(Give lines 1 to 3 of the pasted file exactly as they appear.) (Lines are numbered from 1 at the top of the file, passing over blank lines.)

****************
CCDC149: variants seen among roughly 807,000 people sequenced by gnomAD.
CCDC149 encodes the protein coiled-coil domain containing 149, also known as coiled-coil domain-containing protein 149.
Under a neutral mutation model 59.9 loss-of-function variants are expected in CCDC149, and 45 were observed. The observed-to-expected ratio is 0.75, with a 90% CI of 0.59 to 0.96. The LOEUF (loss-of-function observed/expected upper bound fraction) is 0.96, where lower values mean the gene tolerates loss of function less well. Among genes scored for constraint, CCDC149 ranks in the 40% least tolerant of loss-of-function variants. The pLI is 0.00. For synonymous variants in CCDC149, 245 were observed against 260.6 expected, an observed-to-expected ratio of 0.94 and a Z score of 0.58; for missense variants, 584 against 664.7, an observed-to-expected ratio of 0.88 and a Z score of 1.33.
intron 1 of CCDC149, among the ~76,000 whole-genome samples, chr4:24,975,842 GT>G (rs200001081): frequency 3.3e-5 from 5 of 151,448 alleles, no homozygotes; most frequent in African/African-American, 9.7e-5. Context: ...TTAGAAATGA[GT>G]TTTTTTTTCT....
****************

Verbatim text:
CCDC149: variants seen among roughly 807,000 people sequenced by gnomAD.
CCDC149 encodes the protein coiled-coil domain containing 149, also known as coiled-coil domain-containing protein 149.
Under a neutral mutation model 59.9 loss-of-function variants are expected in CCDC149, and 45 were observed. The observed-to-expected ratio is 0.75, with a 90% CI of 0.59 to 0.96. The LOEUF (loss-of-function observed/expected upper bound fraction) is 0.96, where lower values mean the gene tolerates loss of function less well. Among genes scored for constraint, CCDC149 ranks in the 40% least tolerant of loss-of-function variants. The pLI is 0.00. For synonymous variants in CCDC149, 245 were observed against 260.6 expected, an observed-to-expected ratio of 0.94 and a Z score of 0.58; for missense variants, 584 against 664.7, an observed-to-expected ratio of 0.88 and a Z score of 1.33.